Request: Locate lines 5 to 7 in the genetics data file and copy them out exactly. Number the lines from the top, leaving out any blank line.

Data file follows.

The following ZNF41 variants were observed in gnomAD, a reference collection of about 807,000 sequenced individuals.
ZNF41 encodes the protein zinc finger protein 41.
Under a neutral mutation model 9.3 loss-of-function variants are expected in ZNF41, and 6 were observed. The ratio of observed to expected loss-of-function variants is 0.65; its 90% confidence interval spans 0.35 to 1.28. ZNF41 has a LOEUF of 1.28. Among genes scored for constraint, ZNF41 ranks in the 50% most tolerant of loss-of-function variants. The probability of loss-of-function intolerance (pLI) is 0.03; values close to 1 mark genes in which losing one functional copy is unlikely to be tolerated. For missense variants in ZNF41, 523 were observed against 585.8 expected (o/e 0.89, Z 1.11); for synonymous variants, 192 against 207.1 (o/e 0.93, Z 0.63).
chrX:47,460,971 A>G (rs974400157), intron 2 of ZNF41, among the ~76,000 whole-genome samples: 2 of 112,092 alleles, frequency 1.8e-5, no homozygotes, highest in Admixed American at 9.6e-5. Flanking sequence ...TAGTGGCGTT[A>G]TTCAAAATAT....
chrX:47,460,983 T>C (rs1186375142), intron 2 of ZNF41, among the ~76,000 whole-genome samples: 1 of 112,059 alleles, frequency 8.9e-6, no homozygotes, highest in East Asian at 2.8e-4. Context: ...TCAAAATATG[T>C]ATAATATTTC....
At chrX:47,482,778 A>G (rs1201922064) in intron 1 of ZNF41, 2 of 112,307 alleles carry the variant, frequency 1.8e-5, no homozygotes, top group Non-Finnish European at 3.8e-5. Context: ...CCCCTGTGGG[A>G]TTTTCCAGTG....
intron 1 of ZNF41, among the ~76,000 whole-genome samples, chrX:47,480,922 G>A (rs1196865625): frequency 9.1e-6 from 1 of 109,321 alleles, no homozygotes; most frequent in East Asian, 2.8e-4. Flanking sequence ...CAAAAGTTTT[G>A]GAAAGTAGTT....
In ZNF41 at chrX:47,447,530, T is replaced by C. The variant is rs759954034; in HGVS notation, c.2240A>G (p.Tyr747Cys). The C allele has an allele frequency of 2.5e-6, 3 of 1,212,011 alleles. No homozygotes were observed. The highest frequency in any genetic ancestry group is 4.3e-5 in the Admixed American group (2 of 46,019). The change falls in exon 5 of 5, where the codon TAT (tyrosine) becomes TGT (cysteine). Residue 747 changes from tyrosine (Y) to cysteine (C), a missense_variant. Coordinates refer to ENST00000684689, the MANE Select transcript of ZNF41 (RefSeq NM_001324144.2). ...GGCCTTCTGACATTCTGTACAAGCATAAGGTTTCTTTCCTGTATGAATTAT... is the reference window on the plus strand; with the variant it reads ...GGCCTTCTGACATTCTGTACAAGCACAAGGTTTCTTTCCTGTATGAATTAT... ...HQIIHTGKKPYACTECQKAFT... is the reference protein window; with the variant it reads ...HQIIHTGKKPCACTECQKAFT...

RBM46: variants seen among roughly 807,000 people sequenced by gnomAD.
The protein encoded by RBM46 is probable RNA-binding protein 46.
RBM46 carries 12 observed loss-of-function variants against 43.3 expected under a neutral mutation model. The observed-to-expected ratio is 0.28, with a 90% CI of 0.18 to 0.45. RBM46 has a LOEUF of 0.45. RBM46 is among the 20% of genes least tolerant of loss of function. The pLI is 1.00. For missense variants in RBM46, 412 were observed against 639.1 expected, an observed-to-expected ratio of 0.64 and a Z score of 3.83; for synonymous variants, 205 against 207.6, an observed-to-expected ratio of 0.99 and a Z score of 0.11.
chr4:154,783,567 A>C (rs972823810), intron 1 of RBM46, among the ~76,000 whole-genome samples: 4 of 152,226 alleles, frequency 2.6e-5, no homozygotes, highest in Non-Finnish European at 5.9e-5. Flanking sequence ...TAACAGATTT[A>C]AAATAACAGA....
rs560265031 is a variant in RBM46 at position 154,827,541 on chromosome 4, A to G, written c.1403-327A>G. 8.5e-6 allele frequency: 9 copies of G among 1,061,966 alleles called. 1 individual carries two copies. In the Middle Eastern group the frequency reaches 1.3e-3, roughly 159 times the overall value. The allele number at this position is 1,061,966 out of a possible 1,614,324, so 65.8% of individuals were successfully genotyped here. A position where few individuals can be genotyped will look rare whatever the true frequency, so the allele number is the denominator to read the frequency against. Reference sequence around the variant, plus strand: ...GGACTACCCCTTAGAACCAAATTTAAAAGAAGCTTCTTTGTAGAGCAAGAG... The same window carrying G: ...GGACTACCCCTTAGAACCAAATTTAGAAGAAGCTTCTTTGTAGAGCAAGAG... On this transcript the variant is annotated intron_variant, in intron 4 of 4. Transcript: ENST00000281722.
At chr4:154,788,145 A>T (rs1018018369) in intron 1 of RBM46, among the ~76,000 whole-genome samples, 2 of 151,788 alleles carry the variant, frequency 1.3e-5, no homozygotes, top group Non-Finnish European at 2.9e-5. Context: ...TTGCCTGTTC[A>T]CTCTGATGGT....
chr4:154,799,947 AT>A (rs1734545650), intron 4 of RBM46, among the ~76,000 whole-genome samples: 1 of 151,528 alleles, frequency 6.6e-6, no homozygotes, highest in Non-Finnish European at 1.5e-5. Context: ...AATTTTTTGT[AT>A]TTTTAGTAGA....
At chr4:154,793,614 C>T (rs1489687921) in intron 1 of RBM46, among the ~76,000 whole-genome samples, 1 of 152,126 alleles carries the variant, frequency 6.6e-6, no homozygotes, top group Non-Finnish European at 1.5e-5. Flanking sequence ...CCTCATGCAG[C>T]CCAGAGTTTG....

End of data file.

chrX:47,460,983 T>C (rs1186375142), intron 2 of ZNF41, among the ~76,000 whole-genome samples: 1 of 112,059 alleles, frequency 8.9e-6, no homozygotes, highest in East Asian at 2.8e-4. Context: ...TCAAAATATG[T>C]ATAATATTTC....
At chrX:47,482,778 A>G (rs1201922064) in intron 1 of ZNF41, 2 of 112,307 alleles carry the variant, frequency 1.8e-5, no homozygotes, top group Non-Finnish European at 3.8e-5. Context: ...CCCCTGTGGG[A>G]TTTTCCAGTG....
intron 1 of ZNF41, among the ~76,000 whole-genome samples, chrX:47,480,922 G>A (rs1196865625): frequency 9.1e-6 from 1 of 109,321 alleles, no homozygotes; most frequent in East Asian, 2.8e-4. Flanking sequence ...CAAAAGTTTT[G>A]GAAAGTAGTT....